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Senior women faculty members join forces to promote common interests

The group has established and seeded the new Fund for the Advancement of Women’s Leadership

Labyrinth MovementSenior women faculty members in the School of Medicine have come together to establish the “Labyrinth Movement.” The name was inspired by the ground-breaking article in the September 2007 issue of the Harvard Business Review titled “Women and the Labyrinth of Leadership.” The article explored the idea that the popular glass-ceiling metaphor in which advancement of women is stopped when they crash into this invisible barrier at the highest levels was not actually applicable to the myriad challenges facing professional women. They posited a labyrinth as a more accurate metaphor because of its maze-like symbolism in which there are frequent ways to be diverted as well as many opportunities to navigate a unique path to leadership.
“The labyrinth as a symbol conveys the idea that for women who aspire to top leadership, there is not necessarily one clear and definite path,” said Patrice Eiff, MD, Assistant Dean for Faculty Development. Dr. Eiff elaborated that the labyrinth that typically confronts women in academic medicine relates, for example, to leadership expectations based on male role models and the persistent social/cultural requirement that women are the ones asked to balance family and work life.
Broadly, the senior women faculty group’s goal is to help transform the culture of OHSU by reducing obstacles that impede the progress of women leaders and create an environment where men and women share leadership equally. Sixty-six women participate in the group which has met three times and is comprised of faculty members with the academic rank of professor, with defined leadership positions with the School of Medicine or have a role in women’s advancement issues.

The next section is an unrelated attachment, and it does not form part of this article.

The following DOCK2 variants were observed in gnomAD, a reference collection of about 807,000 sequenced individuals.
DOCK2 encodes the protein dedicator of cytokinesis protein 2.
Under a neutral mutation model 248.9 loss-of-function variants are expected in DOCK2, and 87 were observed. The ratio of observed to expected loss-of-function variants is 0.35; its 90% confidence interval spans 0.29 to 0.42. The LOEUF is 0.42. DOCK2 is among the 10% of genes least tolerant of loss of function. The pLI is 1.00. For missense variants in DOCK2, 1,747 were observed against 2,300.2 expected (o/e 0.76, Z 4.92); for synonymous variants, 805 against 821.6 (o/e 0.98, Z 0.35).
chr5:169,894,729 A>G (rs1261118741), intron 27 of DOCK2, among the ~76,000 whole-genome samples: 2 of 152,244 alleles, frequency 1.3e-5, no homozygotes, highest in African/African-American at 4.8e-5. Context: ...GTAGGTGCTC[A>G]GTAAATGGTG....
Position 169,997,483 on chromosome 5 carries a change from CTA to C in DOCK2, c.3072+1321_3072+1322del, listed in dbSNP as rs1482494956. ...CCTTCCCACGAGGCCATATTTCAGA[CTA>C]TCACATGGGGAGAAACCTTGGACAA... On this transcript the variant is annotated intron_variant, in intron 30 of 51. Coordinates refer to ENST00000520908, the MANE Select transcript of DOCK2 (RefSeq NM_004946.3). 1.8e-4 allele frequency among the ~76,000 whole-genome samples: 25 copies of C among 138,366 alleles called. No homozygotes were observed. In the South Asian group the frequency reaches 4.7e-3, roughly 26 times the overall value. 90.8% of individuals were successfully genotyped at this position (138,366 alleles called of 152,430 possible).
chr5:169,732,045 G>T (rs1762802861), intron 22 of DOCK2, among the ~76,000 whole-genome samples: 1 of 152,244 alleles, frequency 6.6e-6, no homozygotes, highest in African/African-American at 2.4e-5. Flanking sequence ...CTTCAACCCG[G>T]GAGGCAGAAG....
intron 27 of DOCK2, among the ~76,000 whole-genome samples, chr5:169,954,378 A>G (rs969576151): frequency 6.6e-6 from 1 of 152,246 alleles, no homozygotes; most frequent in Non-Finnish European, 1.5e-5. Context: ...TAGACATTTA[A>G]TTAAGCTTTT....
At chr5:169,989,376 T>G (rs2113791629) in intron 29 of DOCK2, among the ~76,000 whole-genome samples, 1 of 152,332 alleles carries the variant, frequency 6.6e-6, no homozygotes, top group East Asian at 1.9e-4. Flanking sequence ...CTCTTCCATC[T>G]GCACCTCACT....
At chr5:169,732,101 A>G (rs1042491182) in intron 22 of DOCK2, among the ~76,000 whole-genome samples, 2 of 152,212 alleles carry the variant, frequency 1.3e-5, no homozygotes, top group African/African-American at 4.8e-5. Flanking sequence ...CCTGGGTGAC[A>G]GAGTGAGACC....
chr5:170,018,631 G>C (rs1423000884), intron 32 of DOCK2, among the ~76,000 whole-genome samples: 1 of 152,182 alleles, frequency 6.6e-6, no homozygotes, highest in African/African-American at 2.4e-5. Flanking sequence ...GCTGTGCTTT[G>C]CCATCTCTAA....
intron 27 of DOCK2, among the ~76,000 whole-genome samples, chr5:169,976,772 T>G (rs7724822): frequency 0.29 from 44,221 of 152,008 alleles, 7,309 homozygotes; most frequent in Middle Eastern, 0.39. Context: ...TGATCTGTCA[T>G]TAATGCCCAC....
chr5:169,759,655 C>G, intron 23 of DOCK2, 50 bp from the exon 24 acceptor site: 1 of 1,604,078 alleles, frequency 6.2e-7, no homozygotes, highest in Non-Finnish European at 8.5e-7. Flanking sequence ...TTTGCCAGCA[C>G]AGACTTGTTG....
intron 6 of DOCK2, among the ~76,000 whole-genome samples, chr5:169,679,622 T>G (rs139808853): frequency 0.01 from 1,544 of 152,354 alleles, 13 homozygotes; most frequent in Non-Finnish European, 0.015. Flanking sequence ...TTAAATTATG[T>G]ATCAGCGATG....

“When this group came together, we were all surprised by the number of experiences we shared as we have progressed through academic medicine over the years, as well by the uniqueness of each individual path,” said Patricia Hurn, PhD, Associate Dean for Faculty Development, and Professor of Anesthesiology and Perioperative Medicine. “We were also taken aback by how few of us there are. Nevertheless, there is a lot of wisdom in this group that OHSU can tap to help change our culture.”

The faculty group represents 21 departments in the School of Medicine with 28 MDs, 31 PhDs, and three MD/PhDs. Fifty-four are full professors, three are clinical professors and one is a research professor. Thirteen have VAMC appointments.
The group has established – and provided an initial contribution to – a Fund for the Advancement of Women’s Leadership that will directly support the Labyrinth Movement, providing programs and resources for women faculty on their journey to become transformative leaders. Initially, the Fund will be used to support a publication that tells the stories of senior women faculty in the School of Medicine. Over time, it will be used to fund women faculty to attend professional development conferences and courses, to establish an awards program for outstanding women faculty, to provide financial support for junior faculty at pivotal times in their careers, and to establish endowed professorships for women faculty leaders.

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